Charges Dismissed, Accused DUI Driver Sues Prosecutors

It’s rare for drivers to file suit when prosecutors or a judge dismiss a charge of DUI in Los Angeles. In Bozeman, Montana, however, a man once charged with felony vehicular homicide in his wife’s death is seeking his day in court. DUI-manslaughter-los-angeles

According to the Bozeman Daily Chronicle, prosecutors had accused Michael Soule of killing his wife, Jennifer Soule, in a January 2012 crash. They alleged that he had been driving his truck up to 103 miles per hour on I-90 and that his blood alcohol content was 0.231. The charges also stated that Soule had marijuana and cocaine in his system.

In 2013, before the case came to trial, Soule took a plea agreement that allowed him to avoid jail time. But Gallatin County District Court Judge Mike Salvagni refused to accept the plea, and Soule withdrew his agreement. When the case came before Judge Salvagni, he dismissed the charges, saying that Montana Highway Patrol troopers had failed to preserve evidence; they had performed a warrantless search of Michael Soule’s hospital room; and they had taken photos of his injuries without permission from his family or the hospital. He also noted that the Montana state crime lab’s official BAC test showed that Soule’s BAC measured 0.07, which is under the legal limit. While a urine screening at the hospital turned up positive for marijuana and cocaine, the state police never did a blood alcohol test to confirm those findings.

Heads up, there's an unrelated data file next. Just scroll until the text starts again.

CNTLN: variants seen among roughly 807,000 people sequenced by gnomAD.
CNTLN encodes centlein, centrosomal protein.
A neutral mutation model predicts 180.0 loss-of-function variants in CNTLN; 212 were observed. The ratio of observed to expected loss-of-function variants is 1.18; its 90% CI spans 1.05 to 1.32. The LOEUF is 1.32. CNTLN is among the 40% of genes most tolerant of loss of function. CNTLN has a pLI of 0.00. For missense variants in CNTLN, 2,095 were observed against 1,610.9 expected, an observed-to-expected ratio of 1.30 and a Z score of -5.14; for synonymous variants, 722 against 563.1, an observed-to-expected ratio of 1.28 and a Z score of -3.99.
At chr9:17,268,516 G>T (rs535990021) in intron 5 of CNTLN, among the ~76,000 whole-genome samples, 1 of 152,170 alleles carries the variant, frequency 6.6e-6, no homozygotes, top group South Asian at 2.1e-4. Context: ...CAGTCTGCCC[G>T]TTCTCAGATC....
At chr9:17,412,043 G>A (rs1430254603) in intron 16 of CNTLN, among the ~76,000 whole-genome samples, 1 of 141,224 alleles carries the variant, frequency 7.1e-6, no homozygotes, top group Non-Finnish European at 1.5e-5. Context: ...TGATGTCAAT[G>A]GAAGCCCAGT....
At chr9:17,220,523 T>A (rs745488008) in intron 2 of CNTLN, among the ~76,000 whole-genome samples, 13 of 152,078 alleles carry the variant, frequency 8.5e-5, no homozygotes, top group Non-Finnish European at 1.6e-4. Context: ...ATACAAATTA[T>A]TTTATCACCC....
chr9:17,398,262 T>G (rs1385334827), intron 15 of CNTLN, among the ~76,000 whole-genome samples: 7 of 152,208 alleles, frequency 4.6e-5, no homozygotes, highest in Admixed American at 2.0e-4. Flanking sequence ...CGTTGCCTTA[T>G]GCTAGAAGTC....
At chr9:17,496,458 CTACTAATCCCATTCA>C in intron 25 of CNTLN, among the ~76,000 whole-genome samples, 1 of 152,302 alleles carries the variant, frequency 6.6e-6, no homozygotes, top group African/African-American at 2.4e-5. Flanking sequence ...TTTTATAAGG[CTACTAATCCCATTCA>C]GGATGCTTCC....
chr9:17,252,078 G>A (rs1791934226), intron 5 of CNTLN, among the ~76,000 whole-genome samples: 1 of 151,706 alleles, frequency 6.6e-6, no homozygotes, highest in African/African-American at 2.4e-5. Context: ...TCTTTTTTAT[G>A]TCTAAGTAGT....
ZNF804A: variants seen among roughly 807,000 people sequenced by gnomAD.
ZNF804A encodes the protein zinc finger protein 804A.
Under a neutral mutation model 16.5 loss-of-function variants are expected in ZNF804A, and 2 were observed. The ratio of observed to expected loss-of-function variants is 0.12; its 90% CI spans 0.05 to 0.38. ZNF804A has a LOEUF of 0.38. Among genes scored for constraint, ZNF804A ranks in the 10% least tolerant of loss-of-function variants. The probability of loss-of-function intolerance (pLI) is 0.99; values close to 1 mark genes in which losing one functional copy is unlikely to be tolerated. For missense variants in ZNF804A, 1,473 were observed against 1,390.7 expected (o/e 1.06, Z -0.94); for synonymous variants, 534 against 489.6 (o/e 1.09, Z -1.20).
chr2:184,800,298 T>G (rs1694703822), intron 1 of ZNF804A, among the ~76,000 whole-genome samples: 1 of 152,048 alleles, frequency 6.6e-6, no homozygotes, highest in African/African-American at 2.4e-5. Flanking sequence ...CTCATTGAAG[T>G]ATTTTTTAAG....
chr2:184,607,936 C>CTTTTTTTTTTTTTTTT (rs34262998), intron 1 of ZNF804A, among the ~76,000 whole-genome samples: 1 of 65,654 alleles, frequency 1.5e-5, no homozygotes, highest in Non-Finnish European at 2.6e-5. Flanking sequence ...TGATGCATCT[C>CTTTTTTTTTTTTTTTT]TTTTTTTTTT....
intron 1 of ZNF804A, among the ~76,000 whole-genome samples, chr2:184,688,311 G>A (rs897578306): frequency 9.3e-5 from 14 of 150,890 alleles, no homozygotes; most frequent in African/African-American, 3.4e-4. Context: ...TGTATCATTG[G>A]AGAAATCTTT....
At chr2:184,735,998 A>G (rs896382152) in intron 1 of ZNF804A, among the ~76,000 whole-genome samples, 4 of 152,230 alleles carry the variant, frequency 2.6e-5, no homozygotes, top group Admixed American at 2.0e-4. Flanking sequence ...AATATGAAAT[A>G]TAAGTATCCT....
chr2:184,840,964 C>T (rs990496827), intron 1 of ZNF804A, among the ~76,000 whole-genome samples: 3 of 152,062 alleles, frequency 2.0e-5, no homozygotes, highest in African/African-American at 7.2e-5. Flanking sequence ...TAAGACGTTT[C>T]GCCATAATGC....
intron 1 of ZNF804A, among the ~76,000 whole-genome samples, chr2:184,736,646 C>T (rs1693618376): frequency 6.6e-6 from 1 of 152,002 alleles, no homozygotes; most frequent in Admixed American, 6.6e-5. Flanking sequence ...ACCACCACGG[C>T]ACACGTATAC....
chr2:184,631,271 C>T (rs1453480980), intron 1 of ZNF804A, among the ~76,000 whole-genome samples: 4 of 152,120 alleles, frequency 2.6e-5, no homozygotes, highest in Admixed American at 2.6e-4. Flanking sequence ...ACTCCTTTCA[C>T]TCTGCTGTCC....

Now Soule is suing the Montana Highway Patrol (and several state troopers personally) as well as prosecuting attorneys for negligence, malicious prosecution, violation of constitutional rights and intentional and negligent infliction of emotional distress. He said he had lost his liquor store business, suffered damage to his reputation and incurred substantial attorney’s fees in defending himself. Soule is asking for unspecified damages.

Taking a plea bargain isn’t unusual for first-time DUI offenders. Prosecutors may be willing to reduce charges to a dry reckless charge (covered under Vehicle Code 23103). By taking a plea, you may be able to escape some of the harsher penalties associated with a DUI; you could keep your license, pay lower fines and get a shorter period of probation. You might even be able to avoid going to DUI driving school.

Locating a seasoned and qualified Los Angeles DUI defense lawyer is a critical part of the process of reclaiming your life, your time and your peace of mind. Call ex-prosecutor Michael Kraut for a free consultation right now.

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